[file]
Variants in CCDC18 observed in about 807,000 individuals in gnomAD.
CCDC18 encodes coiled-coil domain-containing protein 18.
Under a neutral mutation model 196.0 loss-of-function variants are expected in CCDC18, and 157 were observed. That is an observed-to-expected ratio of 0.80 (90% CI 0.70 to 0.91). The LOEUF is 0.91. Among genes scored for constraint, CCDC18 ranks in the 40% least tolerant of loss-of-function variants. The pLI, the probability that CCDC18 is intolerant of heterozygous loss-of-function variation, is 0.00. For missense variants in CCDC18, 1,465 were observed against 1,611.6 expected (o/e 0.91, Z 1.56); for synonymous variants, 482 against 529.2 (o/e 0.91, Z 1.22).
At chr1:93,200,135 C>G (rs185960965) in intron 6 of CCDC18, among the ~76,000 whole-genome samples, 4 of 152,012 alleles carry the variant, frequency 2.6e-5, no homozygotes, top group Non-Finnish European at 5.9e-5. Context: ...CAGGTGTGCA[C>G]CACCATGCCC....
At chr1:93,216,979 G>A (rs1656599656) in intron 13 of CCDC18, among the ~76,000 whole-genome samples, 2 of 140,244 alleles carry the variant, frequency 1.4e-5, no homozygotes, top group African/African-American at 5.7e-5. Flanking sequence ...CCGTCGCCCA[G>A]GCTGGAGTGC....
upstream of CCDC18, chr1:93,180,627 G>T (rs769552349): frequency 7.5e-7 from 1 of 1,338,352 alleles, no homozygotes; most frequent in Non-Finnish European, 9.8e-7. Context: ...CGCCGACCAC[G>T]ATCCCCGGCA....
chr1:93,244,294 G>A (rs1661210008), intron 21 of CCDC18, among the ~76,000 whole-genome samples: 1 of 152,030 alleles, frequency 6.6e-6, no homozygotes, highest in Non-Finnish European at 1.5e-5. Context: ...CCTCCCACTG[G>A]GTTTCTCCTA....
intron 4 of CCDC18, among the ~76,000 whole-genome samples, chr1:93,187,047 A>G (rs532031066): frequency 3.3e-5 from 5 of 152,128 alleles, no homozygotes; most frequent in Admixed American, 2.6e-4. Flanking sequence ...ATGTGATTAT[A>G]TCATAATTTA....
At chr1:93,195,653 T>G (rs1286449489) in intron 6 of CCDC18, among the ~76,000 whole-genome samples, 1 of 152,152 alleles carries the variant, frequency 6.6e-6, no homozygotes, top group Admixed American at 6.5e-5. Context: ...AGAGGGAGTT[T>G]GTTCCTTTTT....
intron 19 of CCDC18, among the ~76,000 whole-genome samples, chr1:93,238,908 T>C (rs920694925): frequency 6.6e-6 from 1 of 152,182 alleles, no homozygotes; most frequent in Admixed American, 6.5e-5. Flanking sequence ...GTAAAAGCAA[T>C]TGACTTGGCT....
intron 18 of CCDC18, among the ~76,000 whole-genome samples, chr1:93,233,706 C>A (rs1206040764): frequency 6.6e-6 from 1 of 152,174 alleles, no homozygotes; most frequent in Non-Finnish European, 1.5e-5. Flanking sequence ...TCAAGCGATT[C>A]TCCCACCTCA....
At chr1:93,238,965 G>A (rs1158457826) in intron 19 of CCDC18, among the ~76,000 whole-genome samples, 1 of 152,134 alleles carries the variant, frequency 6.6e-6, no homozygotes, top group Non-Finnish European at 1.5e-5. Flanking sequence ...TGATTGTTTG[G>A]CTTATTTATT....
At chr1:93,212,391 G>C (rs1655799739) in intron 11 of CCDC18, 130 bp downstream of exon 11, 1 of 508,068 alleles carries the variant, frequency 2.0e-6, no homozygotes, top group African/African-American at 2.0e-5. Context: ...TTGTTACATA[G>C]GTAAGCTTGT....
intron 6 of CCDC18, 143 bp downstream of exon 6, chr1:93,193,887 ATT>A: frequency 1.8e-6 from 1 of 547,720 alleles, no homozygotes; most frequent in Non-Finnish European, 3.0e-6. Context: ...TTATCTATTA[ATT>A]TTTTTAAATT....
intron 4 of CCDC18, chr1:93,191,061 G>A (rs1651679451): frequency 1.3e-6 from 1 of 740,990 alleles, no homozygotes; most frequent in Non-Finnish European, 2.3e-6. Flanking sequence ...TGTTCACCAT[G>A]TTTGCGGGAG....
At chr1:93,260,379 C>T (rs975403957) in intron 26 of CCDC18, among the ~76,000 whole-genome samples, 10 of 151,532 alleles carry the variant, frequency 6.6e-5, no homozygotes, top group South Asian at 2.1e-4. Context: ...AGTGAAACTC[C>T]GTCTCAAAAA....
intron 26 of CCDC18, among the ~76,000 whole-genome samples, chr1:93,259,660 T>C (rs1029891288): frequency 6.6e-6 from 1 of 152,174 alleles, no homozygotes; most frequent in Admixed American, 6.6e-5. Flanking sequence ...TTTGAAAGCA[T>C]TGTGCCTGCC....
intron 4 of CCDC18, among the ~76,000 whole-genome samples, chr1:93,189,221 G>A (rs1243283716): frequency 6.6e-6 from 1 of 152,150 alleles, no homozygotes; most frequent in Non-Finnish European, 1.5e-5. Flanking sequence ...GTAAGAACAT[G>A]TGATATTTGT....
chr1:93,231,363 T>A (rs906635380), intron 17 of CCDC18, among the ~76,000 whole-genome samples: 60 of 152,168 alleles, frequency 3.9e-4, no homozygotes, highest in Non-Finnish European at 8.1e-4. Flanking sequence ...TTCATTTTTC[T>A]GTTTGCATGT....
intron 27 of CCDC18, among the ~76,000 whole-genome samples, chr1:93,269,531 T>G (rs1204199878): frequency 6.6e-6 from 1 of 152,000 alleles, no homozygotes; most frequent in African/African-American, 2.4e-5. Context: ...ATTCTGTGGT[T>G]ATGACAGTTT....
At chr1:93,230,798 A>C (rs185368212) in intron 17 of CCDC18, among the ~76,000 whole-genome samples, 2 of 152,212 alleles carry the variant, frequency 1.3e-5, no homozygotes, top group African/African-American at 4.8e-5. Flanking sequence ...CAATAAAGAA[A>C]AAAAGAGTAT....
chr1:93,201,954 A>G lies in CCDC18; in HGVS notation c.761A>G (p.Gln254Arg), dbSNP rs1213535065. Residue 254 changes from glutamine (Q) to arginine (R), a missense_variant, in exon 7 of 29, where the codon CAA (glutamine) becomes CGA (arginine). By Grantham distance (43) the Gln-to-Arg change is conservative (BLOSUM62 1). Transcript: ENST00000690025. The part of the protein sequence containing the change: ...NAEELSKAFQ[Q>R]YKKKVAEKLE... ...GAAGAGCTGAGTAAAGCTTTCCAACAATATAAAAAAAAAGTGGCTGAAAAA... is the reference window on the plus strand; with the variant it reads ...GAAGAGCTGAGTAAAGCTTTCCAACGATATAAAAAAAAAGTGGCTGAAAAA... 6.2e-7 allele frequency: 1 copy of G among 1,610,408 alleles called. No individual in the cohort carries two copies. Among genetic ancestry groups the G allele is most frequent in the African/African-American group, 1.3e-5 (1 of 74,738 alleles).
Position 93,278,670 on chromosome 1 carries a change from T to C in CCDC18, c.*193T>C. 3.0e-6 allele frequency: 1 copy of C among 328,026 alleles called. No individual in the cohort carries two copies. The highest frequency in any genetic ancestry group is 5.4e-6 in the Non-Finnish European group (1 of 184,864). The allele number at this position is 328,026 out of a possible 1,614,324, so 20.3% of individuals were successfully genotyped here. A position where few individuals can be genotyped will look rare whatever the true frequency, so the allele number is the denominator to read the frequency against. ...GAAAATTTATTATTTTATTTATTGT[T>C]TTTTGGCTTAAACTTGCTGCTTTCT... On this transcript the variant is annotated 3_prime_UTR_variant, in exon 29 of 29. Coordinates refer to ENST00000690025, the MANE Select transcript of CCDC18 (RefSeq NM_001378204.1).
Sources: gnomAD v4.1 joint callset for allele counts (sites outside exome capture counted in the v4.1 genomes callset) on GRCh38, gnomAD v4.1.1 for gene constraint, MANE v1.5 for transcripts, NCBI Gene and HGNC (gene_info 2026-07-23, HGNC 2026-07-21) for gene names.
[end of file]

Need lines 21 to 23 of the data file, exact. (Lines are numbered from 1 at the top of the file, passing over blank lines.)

At chr1:93,230,798 A>C (rs185368212) in intron 17 of CCDC18, among the ~76,000 whole-genome samples, 2 of 152,212 alleles carry the variant, frequency 1.3e-5, no homozygotes, top group African/African-American at 4.8e-5. Flanking sequence ...CAATAAAGAA[A>C]AAAAGAGTAT....
chr1:93,201,954 A>G lies in CCDC18; in HGVS notation c.761A>G (p.Gln254Arg), dbSNP rs1213535065. Residue 254 changes from glutamine (Q) to arginine (R), a missense_variant, in exon 7 of 29, where the codon CAA (glutamine) becomes CGA (arginine). By Grantham distance (43) the Gln-to-Arg change is conservative (BLOSUM62 1). Transcript: ENST00000690025. The part of the protein sequence containing the change: ...NAEELSKAFQ[Q>R]YKKKVAEKLE... ...GAAGAGCTGAGTAAAGCTTTCCAACAATATAAAAAAAAAGTGGCTGAAAAA... is the reference window on the plus strand; with the variant it reads ...GAAGAGCTGAGTAAAGCTTTCCAACGATATAAAAAAAAAGTGGCTGAAAAA... 6.2e-7 allele frequency: 1 copy of G among 1,610,408 alleles called. No individual in the cohort carries two copies. Among genetic ancestry groups the G allele is most frequent in the African/African-American group, 1.3e-5 (1 of 74,738 alleles).
Position 93,278,670 on chromosome 1 carries a change from T to C in CCDC18, c.*193T>C. 3.0e-6 allele frequency: 1 copy of C among 328,026 alleles called. No individual in the cohort carries two copies. The highest frequency in any genetic ancestry group is 5.4e-6 in the Non-Finnish European group (1 of 184,864). The allele number at this position is 328,026 out of a possible 1,614,324, so 20.3% of individuals were successfully genotyped here. A position where few individuals can be genotyped will look rare whatever the true frequency, so the allele number is the denominator to read the frequency against. ...GAAAATTTATTATTTTATTTATTGT[T>C]TTTTGGCTTAAACTTGCTGCTTTCT... On this transcript the variant is annotated 3_prime_UTR_variant, in exon 29 of 29. Coordinates refer to ENST00000690025, the MANE Select transcript of CCDC18 (RefSeq NM_001378204.1).